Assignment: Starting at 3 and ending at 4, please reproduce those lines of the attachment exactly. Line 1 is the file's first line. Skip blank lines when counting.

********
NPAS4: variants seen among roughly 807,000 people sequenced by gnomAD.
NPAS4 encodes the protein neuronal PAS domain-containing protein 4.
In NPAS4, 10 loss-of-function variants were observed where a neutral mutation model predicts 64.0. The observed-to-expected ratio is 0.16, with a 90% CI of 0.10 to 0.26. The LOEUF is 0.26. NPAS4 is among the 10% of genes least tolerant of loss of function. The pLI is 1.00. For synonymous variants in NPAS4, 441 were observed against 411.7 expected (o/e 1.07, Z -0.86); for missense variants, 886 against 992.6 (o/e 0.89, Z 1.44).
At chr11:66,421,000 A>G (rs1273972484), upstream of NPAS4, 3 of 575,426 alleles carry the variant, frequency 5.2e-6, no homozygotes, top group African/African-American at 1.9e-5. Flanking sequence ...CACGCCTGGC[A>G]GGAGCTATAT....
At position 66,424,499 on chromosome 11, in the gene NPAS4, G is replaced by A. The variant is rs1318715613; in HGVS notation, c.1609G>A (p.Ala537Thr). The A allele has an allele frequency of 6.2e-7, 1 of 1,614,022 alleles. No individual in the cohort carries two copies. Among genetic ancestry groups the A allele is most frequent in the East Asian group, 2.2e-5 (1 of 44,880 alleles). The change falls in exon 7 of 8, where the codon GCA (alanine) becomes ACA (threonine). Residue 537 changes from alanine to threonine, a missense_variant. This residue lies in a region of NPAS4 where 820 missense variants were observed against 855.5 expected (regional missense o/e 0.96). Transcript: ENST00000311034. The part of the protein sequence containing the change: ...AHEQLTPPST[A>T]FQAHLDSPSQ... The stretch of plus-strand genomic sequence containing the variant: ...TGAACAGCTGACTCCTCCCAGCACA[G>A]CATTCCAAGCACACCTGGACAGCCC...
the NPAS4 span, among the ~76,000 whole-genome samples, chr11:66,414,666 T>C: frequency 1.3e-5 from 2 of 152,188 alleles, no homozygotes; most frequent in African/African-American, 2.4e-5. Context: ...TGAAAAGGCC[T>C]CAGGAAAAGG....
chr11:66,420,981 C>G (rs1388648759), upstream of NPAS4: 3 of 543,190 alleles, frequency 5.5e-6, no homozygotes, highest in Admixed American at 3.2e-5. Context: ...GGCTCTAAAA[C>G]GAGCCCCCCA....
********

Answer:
In NPAS4, 10 loss-of-function variants were observed where a neutral mutation model predicts 64.0. The observed-to-expected ratio is 0.16, with a 90% CI of 0.10 to 0.26. The LOEUF is 0.26. NPAS4 is among the 10% of genes least tolerant of loss of function. The pLI is 1.00. For synonymous variants in NPAS4, 441 were observed against 411.7 expected (o/e 1.07, Z -0.86); for missense variants, 886 against 992.6 (o/e 0.89, Z 1.44).
At chr11:66,421,000 A>G (rs1273972484), upstream of NPAS4, 3 of 575,426 alleles carry the variant, frequency 5.2e-6, no homozygotes, top group African/African-American at 1.9e-5. Flanking sequence ...CACGCCTGGC[A>G]GGAGCTATAT....